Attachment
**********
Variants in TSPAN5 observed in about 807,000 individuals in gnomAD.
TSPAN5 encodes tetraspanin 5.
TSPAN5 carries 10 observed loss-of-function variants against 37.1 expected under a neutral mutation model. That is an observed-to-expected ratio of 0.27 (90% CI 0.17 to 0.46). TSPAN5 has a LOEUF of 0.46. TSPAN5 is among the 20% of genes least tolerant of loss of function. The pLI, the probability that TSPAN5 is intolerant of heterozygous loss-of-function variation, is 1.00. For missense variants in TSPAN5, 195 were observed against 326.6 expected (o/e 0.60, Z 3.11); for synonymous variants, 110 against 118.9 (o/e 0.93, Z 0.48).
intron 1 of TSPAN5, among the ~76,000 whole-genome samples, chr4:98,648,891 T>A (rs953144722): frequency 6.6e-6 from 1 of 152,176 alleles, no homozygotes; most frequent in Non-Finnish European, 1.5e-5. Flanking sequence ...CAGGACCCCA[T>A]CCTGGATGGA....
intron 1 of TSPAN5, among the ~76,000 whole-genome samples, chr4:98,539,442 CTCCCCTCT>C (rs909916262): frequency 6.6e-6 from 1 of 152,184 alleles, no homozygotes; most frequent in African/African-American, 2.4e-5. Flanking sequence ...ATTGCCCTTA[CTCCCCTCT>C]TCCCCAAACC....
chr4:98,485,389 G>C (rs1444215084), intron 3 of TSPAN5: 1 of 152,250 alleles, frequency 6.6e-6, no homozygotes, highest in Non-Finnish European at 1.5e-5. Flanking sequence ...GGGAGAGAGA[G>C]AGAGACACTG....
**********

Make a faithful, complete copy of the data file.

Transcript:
Variants in TSPAN5 observed in about 807,000 individuals in gnomAD.
TSPAN5 encodes tetraspanin 5.
TSPAN5 carries 10 observed loss-of-function variants against 37.1 expected under a neutral mutation model. That is an observed-to-expected ratio of 0.27 (90% CI 0.17 to 0.46). TSPAN5 has a LOEUF of 0.46. TSPAN5 is among the 20% of genes least tolerant of loss of function. The pLI, the probability that TSPAN5 is intolerant of heterozygous loss-of-function variation, is 1.00. For missense variants in TSPAN5, 195 were observed against 326.6 expected (o/e 0.60, Z 3.11); for synonymous variants, 110 against 118.9 (o/e 0.93, Z 0.48).
intron 1 of TSPAN5, among the ~76,000 whole-genome samples, chr4:98,648,891 T>A (rs953144722): frequency 6.6e-6 from 1 of 152,176 alleles, no homozygotes; most frequent in Non-Finnish European, 1.5e-5. Flanking sequence ...CAGGACCCCA[T>A]CCTGGATGGA....
intron 1 of TSPAN5, among the ~76,000 whole-genome samples, chr4:98,539,442 CTCCCCTCT>C (rs909916262): frequency 6.6e-6 from 1 of 152,184 alleles, no homozygotes; most frequent in African/African-American, 2.4e-5. Flanking sequence ...ATTGCCCTTA[CTCCCCTCT>C]TCCCCAAACC....
chr4:98,485,389 G>C (rs1444215084), intron 3 of TSPAN5: 1 of 152,250 alleles, frequency 6.6e-6, no homozygotes, highest in Non-Finnish European at 1.5e-5. Flanking sequence ...GGGAGAGAGA[G>C]AGAGACACTG....